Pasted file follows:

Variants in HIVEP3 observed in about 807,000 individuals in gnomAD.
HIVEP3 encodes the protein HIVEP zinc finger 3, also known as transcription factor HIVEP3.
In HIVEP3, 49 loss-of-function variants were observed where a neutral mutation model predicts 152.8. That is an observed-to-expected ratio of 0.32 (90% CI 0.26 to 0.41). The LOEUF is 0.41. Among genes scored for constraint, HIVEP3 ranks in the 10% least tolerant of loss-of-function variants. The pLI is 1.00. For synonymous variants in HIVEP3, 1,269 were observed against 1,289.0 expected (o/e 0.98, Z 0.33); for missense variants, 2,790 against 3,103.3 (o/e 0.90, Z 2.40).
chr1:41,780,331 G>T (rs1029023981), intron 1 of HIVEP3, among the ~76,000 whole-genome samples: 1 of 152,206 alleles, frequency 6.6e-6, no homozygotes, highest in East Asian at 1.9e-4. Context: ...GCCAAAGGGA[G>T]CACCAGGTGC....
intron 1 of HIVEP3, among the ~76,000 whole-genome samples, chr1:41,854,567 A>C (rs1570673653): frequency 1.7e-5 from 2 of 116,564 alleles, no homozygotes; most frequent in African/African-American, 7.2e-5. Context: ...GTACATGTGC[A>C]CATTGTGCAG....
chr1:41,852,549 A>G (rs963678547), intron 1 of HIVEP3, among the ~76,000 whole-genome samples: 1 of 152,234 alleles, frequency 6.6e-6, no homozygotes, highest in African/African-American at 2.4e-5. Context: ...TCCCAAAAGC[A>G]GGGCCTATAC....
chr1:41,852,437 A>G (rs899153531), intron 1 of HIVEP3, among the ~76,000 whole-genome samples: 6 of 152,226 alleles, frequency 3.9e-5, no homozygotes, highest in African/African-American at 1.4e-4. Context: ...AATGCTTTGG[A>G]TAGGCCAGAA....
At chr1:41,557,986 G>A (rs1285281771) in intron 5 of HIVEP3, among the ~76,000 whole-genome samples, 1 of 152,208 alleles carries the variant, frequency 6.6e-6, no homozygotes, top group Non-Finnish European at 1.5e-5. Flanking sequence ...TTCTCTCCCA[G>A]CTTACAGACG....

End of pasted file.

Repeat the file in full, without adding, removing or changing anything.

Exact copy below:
Variants in HIVEP3 observed in about 807,000 individuals in gnomAD.
HIVEP3 encodes the protein HIVEP zinc finger 3, also known as transcription factor HIVEP3.
In HIVEP3, 49 loss-of-function variants were observed where a neutral mutation model predicts 152.8. That is an observed-to-expected ratio of 0.32 (90% CI 0.26 to 0.41). The LOEUF is 0.41. Among genes scored for constraint, HIVEP3 ranks in the 10% least tolerant of loss-of-function variants. The pLI is 1.00. For synonymous variants in HIVEP3, 1,269 were observed against 1,289.0 expected (o/e 0.98, Z 0.33); for missense variants, 2,790 against 3,103.3 (o/e 0.90, Z 2.40).
chr1:41,780,331 G>T (rs1029023981), intron 1 of HIVEP3, among the ~76,000 whole-genome samples: 1 of 152,206 alleles, frequency 6.6e-6, no homozygotes, highest in East Asian at 1.9e-4. Context: ...GCCAAAGGGA[G>T]CACCAGGTGC....
intron 1 of HIVEP3, among the ~76,000 whole-genome samples, chr1:41,854,567 A>C (rs1570673653): frequency 1.7e-5 from 2 of 116,564 alleles, no homozygotes; most frequent in African/African-American, 7.2e-5. Context: ...GTACATGTGC[A>C]CATTGTGCAG....
chr1:41,852,549 A>G (rs963678547), intron 1 of HIVEP3, among the ~76,000 whole-genome samples: 1 of 152,234 alleles, frequency 6.6e-6, no homozygotes, highest in African/African-American at 2.4e-5. Context: ...TCCCAAAAGC[A>G]GGGCCTATAC....
chr1:41,852,437 A>G (rs899153531), intron 1 of HIVEP3, among the ~76,000 whole-genome samples: 6 of 152,226 alleles, frequency 3.9e-5, no homozygotes, highest in African/African-American at 1.4e-4. Context: ...AATGCTTTGG[A>G]TAGGCCAGAA....
At chr1:41,557,986 G>A (rs1285281771) in intron 5 of HIVEP3, among the ~76,000 whole-genome samples, 1 of 152,208 alleles carries the variant, frequency 6.6e-6, no homozygotes, top group Non-Finnish European at 1.5e-5. Flanking sequence ...TTCTCTCCCA[G>A]CTTACAGACG....